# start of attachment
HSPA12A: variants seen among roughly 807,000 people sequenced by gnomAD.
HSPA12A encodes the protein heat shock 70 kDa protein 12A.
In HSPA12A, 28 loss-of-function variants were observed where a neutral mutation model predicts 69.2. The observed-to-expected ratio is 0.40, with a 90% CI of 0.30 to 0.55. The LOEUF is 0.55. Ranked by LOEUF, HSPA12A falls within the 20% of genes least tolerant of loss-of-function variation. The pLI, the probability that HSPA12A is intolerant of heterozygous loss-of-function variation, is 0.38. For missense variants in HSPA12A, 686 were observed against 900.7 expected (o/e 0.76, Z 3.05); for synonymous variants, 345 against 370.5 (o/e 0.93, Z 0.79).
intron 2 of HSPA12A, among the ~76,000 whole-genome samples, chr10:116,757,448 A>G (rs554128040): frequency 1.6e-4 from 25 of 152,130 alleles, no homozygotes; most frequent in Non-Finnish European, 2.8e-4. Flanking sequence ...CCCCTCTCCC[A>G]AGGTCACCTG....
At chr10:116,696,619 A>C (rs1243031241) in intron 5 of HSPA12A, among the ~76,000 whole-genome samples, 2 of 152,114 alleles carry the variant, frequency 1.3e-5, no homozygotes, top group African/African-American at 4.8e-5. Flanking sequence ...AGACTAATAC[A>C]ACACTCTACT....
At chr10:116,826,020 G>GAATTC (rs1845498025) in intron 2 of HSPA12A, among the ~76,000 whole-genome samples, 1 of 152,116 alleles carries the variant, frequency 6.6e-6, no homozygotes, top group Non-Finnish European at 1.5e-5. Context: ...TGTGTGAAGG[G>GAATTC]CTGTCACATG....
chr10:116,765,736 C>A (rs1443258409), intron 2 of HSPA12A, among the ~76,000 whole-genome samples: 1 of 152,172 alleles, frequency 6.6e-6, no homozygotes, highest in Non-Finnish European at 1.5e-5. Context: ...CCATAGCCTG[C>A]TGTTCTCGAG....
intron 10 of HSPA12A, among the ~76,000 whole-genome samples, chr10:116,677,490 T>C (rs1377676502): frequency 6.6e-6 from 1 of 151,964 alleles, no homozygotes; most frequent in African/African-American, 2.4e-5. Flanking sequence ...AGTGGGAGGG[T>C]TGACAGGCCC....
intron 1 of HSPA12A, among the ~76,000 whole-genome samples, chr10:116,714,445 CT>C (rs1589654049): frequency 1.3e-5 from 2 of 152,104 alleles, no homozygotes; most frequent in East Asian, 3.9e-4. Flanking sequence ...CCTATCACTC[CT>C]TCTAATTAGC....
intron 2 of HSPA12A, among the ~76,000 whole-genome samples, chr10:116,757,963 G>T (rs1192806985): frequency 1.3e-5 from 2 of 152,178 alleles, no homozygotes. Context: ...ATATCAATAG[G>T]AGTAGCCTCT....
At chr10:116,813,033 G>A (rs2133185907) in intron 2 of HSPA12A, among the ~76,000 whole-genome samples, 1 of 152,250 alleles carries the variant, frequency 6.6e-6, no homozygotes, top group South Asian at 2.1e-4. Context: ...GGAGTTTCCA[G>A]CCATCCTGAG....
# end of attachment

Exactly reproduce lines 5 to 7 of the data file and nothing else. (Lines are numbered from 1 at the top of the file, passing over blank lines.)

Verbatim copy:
At chr10:116,696,619 A>C (rs1243031241) in intron 5 of HSPA12A, among the ~76,000 whole-genome samples, 2 of 152,114 alleles carry the variant, frequency 1.3e-5, no homozygotes, top group African/African-American at 4.8e-5. Flanking sequence ...AGACTAATAC[A>C]ACACTCTACT....
At chr10:116,826,020 G>GAATTC (rs1845498025) in intron 2 of HSPA12A, among the ~76,000 whole-genome samples, 1 of 152,116 alleles carries the variant, frequency 6.6e-6, no homozygotes, top group Non-Finnish European at 1.5e-5. Context: ...TGTGTGAAGG[G>GAATTC]CTGTCACATG....
chr10:116,765,736 C>A (rs1443258409), intron 2 of HSPA12A, among the ~76,000 whole-genome samples: 1 of 152,172 alleles, frequency 6.6e-6, no homozygotes, highest in Non-Finnish European at 1.5e-5. Context: ...CCATAGCCTG[C>A]TGTTCTCGAG....